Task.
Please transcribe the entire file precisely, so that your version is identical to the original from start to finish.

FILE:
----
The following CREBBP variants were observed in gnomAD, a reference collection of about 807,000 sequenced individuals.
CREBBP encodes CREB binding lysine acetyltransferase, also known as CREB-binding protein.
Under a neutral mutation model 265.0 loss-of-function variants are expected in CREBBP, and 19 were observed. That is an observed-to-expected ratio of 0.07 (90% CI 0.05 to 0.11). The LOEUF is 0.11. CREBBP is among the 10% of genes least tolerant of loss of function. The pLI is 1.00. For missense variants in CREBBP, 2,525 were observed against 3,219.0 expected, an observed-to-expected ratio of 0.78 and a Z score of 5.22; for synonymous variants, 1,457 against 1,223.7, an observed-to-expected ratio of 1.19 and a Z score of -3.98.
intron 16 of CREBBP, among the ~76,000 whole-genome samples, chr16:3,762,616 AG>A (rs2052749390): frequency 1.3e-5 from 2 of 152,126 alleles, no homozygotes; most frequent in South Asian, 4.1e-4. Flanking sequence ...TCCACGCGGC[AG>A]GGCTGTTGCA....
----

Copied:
The following CREBBP variants were observed in gnomAD, a reference collection of about 807,000 sequenced individuals.
CREBBP encodes CREB binding lysine acetyltransferase, also known as CREB-binding protein.
Under a neutral mutation model 265.0 loss-of-function variants are expected in CREBBP, and 19 were observed. That is an observed-to-expected ratio of 0.07 (90% CI 0.05 to 0.11). The LOEUF is 0.11. CREBBP is among the 10% of genes least tolerant of loss of function. The pLI is 1.00. For missense variants in CREBBP, 2,525 were observed against 3,219.0 expected, an observed-to-expected ratio of 0.78 and a Z score of 5.22; for synonymous variants, 1,457 against 1,223.7, an observed-to-expected ratio of 1.19 and a Z score of -3.98.
intron 16 of CREBBP, among the ~76,000 whole-genome samples, chr16:3,762,616 AG>A (rs2052749390): frequency 1.3e-5 from 2 of 152,126 alleles, no homozygotes; most frequent in South Asian, 4.1e-4. Flanking sequence ...TCCACGCGGC[AG>A]GGCTGTTGCA....